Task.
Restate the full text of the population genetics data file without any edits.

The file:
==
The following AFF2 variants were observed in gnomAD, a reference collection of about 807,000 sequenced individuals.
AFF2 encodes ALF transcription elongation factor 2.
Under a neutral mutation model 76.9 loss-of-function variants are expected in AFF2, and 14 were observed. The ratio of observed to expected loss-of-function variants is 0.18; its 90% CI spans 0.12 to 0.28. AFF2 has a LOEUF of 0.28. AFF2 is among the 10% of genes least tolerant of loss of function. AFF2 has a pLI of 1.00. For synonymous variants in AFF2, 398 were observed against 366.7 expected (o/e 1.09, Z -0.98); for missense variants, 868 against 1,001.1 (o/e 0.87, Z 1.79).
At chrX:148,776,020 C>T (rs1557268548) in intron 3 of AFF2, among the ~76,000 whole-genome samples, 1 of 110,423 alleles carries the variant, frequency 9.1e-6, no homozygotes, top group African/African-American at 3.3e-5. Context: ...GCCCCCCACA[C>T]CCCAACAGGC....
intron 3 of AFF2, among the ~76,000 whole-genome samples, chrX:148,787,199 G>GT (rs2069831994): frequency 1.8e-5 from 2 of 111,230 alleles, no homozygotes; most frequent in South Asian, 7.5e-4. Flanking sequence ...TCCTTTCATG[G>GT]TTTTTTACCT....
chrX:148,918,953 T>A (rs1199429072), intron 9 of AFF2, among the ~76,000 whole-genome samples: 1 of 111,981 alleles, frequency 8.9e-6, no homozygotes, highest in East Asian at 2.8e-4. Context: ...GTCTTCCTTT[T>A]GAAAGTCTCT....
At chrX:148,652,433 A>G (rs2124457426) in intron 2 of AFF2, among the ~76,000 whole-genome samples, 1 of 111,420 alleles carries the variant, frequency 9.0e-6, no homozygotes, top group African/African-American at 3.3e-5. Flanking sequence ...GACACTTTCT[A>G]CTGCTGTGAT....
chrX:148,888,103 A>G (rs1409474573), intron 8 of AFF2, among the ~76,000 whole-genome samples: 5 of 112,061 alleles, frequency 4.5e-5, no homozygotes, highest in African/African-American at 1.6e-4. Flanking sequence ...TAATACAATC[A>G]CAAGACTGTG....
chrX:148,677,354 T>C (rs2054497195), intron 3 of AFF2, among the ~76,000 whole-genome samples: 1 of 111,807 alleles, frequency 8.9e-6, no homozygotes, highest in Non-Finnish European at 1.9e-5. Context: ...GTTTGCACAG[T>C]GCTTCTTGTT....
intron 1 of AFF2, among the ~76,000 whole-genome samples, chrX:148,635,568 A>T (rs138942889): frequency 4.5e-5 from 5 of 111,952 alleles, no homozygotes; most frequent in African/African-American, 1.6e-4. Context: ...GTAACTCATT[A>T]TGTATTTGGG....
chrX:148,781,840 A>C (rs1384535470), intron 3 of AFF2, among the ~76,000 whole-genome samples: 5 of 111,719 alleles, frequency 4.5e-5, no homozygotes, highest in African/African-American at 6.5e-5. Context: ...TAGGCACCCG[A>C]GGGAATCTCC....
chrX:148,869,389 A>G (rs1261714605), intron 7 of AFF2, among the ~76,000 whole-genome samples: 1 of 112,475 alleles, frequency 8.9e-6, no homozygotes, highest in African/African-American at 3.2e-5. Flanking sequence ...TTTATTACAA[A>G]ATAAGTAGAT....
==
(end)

The following AFF2 variants were observed in gnomAD, a reference collection of about 807,000 sequenced individuals.
AFF2 encodes ALF transcription elongation factor 2.
Under a neutral mutation model 76.9 loss-of-function variants are expected in AFF2, and 14 were observed. The ratio of observed to expected loss-of-function variants is 0.18; its 90% CI spans 0.12 to 0.28. AFF2 has a LOEUF of 0.28. AFF2 is among the 10% of genes least tolerant of loss of function. AFF2 has a pLI of 1.00. For synonymous variants in AFF2, 398 were observed against 366.7 expected (o/e 1.09, Z -0.98); for missense variants, 868 against 1,001.1 (o/e 0.87, Z 1.79).
At chrX:148,776,020 C>T (rs1557268548) in intron 3 of AFF2, among the ~76,000 whole-genome samples, 1 of 110,423 alleles carries the variant, frequency 9.1e-6, no homozygotes, top group African/African-American at 3.3e-5. Context: ...GCCCCCCACA[C>T]CCCAACAGGC....
intron 3 of AFF2, among the ~76,000 whole-genome samples, chrX:148,787,199 G>GT (rs2069831994): frequency 1.8e-5 from 2 of 111,230 alleles, no homozygotes; most frequent in South Asian, 7.5e-4. Flanking sequence ...TCCTTTCATG[G>GT]TTTTTTACCT....
chrX:148,918,953 T>A (rs1199429072), intron 9 of AFF2, among the ~76,000 whole-genome samples: 1 of 111,981 alleles, frequency 8.9e-6, no homozygotes, highest in East Asian at 2.8e-4. Context: ...GTCTTCCTTT[T>A]GAAAGTCTCT....
At chrX:148,652,433 A>G (rs2124457426) in intron 2 of AFF2, among the ~76,000 whole-genome samples, 1 of 111,420 alleles carries the variant, frequency 9.0e-6, no homozygotes, top group African/African-American at 3.3e-5. Flanking sequence ...GACACTTTCT[A>G]CTGCTGTGAT....
chrX:148,888,103 A>G (rs1409474573), intron 8 of AFF2, among the ~76,000 whole-genome samples: 5 of 112,061 alleles, frequency 4.5e-5, no homozygotes, highest in African/African-American at 1.6e-4. Flanking sequence ...TAATACAATC[A>G]CAAGACTGTG....
chrX:148,677,354 T>C (rs2054497195), intron 3 of AFF2, among the ~76,000 whole-genome samples: 1 of 111,807 alleles, frequency 8.9e-6, no homozygotes, highest in Non-Finnish European at 1.9e-5. Context: ...GTTTGCACAG[T>C]GCTTCTTGTT....
intron 1 of AFF2, among the ~76,000 whole-genome samples, chrX:148,635,568 A>T (rs138942889): frequency 4.5e-5 from 5 of 111,952 alleles, no homozygotes; most frequent in African/African-American, 1.6e-4. Context: ...GTAACTCATT[A>T]TGTATTTGGG....
chrX:148,781,840 A>C (rs1384535470), intron 3 of AFF2, among the ~76,000 whole-genome samples: 5 of 111,719 alleles, frequency 4.5e-5, no homozygotes, highest in African/African-American at 6.5e-5. Context: ...TAGGCACCCG[A>C]GGGAATCTCC....
chrX:148,869,389 A>G (rs1261714605), intron 7 of AFF2, among the ~76,000 whole-genome samples: 1 of 112,475 alleles, frequency 8.9e-6, no homozygotes, highest in African/African-American at 3.2e-5. Flanking sequence ...TTTATTACAA[A>G]ATAAGTAGAT....